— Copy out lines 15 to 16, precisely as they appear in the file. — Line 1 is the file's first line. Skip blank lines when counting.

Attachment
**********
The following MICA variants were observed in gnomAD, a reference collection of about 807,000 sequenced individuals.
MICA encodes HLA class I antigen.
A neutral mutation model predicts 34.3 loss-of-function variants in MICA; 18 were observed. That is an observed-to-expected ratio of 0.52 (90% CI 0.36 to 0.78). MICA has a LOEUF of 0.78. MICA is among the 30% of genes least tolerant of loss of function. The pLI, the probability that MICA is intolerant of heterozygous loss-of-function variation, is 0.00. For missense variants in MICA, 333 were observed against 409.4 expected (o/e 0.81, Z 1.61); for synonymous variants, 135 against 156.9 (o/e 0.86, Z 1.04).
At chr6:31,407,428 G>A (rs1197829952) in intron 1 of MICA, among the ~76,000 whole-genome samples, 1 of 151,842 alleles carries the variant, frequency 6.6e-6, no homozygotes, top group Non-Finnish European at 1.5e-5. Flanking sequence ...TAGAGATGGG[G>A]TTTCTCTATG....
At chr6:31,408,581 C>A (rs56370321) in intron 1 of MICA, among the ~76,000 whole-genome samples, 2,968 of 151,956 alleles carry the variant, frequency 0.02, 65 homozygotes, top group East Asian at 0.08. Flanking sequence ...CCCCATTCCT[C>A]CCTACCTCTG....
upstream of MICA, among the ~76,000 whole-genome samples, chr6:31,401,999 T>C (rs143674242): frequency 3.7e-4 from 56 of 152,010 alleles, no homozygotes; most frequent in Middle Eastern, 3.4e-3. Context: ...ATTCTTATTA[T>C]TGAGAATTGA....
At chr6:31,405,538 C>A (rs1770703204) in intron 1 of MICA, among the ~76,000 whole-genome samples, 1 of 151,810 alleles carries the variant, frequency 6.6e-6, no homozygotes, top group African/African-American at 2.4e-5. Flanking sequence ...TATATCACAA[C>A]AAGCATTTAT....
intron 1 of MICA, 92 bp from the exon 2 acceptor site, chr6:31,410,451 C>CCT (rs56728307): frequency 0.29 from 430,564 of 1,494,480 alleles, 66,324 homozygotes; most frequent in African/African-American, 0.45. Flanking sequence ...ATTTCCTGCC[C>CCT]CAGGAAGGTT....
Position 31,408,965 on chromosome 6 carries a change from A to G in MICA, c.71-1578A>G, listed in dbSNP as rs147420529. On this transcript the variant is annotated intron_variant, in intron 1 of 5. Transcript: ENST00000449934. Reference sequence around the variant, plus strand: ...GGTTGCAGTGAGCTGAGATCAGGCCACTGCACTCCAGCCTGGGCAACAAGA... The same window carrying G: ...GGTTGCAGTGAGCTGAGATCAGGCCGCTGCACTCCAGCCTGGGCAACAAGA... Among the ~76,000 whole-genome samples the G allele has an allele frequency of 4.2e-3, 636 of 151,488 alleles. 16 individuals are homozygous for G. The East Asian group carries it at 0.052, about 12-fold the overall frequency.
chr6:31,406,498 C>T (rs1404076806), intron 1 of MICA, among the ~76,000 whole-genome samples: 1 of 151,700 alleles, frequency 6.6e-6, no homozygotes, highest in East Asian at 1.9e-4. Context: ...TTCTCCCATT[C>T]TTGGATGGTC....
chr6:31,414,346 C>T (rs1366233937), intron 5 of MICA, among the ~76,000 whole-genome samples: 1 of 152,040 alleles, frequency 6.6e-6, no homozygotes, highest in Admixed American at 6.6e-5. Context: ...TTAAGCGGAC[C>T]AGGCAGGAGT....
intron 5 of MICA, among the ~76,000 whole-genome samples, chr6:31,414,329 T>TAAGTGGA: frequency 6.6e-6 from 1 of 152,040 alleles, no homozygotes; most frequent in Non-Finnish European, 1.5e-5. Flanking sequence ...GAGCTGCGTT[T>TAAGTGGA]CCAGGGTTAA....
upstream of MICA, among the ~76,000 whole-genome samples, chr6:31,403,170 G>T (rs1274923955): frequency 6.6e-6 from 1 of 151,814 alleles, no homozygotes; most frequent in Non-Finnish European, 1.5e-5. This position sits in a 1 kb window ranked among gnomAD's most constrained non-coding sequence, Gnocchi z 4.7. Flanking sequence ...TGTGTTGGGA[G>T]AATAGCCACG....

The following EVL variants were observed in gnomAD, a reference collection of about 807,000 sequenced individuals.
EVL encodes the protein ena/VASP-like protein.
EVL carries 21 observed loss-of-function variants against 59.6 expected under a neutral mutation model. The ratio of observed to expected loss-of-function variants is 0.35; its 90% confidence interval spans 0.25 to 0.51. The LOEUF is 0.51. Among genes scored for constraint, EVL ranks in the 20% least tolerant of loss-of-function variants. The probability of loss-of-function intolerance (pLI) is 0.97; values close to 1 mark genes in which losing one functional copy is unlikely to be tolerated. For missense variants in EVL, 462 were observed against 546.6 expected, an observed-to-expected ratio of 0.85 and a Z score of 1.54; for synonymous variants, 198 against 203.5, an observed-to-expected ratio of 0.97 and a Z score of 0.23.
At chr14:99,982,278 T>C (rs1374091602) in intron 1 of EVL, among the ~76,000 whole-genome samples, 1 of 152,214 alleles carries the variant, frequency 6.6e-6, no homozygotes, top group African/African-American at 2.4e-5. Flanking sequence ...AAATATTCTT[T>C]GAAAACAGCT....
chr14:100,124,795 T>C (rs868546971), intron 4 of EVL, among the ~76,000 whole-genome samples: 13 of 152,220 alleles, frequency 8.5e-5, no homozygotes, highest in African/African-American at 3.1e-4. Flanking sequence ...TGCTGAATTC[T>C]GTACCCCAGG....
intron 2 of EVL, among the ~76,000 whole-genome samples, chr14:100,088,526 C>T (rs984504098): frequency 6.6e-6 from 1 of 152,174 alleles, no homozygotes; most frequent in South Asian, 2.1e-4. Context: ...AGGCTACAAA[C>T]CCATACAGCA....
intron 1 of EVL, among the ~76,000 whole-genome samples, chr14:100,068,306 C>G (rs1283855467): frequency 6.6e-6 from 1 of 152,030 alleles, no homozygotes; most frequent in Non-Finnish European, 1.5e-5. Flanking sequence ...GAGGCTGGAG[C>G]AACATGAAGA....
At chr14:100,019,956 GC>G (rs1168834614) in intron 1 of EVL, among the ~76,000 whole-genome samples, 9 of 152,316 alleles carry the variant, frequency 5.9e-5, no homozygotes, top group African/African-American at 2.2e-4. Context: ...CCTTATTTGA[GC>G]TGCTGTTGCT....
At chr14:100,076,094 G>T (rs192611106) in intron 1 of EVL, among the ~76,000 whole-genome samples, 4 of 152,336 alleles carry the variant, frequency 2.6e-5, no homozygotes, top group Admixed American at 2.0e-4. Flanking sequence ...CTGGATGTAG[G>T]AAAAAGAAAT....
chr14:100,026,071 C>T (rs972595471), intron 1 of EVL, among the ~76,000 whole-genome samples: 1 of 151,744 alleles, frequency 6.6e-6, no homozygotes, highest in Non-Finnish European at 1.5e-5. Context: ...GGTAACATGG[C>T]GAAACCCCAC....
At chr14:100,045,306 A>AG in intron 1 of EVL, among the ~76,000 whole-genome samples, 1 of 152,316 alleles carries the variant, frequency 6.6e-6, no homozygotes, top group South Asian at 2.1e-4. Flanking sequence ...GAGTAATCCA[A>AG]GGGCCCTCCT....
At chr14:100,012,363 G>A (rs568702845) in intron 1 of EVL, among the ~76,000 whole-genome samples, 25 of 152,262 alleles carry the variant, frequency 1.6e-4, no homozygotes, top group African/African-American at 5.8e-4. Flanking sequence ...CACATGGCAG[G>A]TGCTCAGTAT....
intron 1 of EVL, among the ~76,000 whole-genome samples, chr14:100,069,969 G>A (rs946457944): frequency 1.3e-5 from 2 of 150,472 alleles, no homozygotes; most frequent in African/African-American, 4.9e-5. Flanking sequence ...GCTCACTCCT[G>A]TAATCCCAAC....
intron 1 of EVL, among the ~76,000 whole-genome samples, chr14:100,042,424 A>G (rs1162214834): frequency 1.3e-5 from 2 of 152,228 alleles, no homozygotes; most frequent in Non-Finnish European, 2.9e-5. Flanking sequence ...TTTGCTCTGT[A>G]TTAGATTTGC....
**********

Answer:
EVL encodes the protein ena/VASP-like protein.
EVL carries 21 observed loss-of-function variants against 59.6 expected under a neutral mutation model. The ratio of observed to expected loss-of-function variants is 0.35; its 90% confidence interval spans 0.25 to 0.51. The LOEUF is 0.51. Among genes scored for constraint, EVL ranks in the 20% least tolerant of loss-of-function variants. The probability of loss-of-function intolerance (pLI) is 0.97; values close to 1 mark genes in which losing one functional copy is unlikely to be tolerated. For missense variants in EVL, 462 were observed against 546.6 expected, an observed-to-expected ratio of 0.85 and a Z score of 1.54; for synonymous variants, 198 against 203.5, an observed-to-expected ratio of 0.97 and a Z score of 0.23.